Okay, so that time my brother gave a very good response to them – hum to hai langde lekin per se, tum log langde ho tumare soch aur vichaar se.” [Yes, we are disabled but physically. You are disabled in your thoughts and ideas.]

And you know, that hit me so good that I realised that you know, disability is just physical but not a mental state of mind. So till the time you are mentally strong, there’s nothing in the world that can stop you from achieving your goals.

YR: Right. That’s a powerful story. My last question to you is about dog training in itself. It’s, uh, you know, dog training 101 kind of a question. What are some of the basic principles of training a dog to be a support animal? Are there different training needed for different disabilities? How does that work?

KS: Okay, so there are different types of training for different disabilities, you know, [to] cater to different people. Like in my case, I need an assistant dog that helps me to do my day-to-day chores. But now, say for example, if I get a child who has dyslexia. So I had dyslexia earlier, so what used to happen is, for example, if I had to say “my name is… kkukk…” I start murmuring in the classroom and everyone starts to laugh at us. That has happened with me as a person in my childhood. So now what we do is we train that dog that whenever the child starts murmuring you go and hug the child from behind. You start licking the child and you encourage the child to read more. Okay, so, training varies from person to person [and] disability to disability, whether it be physical or mental, but one thing required in this field is a lot of patience. And a lot of unconditional love.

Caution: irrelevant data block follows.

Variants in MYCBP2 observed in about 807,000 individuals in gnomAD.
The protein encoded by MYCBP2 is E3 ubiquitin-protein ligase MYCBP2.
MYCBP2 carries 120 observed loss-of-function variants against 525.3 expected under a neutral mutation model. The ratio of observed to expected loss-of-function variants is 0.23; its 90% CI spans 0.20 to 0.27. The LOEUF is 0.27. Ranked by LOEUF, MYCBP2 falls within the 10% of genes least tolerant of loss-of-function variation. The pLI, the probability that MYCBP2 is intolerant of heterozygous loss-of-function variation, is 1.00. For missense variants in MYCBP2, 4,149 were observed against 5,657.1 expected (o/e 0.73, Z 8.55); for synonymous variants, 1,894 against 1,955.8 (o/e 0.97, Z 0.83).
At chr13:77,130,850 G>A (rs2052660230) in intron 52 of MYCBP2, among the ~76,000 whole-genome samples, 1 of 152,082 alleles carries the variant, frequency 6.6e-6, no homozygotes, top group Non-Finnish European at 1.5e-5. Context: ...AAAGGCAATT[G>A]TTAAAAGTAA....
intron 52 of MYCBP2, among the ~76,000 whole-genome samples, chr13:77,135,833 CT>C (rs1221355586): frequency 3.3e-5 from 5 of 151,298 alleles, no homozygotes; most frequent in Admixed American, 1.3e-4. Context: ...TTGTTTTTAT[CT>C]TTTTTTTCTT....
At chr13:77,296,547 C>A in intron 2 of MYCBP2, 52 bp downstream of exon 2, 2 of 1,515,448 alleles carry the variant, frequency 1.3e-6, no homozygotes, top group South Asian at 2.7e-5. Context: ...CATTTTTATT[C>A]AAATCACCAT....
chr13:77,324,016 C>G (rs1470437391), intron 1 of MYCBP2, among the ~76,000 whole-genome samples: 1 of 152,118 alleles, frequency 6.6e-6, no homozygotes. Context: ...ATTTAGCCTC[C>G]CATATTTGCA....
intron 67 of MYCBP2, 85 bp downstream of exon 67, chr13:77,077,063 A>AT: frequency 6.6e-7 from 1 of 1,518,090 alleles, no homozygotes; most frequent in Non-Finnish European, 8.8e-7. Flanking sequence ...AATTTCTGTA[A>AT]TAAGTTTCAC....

YR: I suspect that the nuances of training will be an independent conversation altogether. But this brings us to the end of this one. Thank you so much for joining us, Karan. It was such a pleasure talking to you. And you have a very vivid way of telling your stories. I must say.

KS: Thank you. Thank you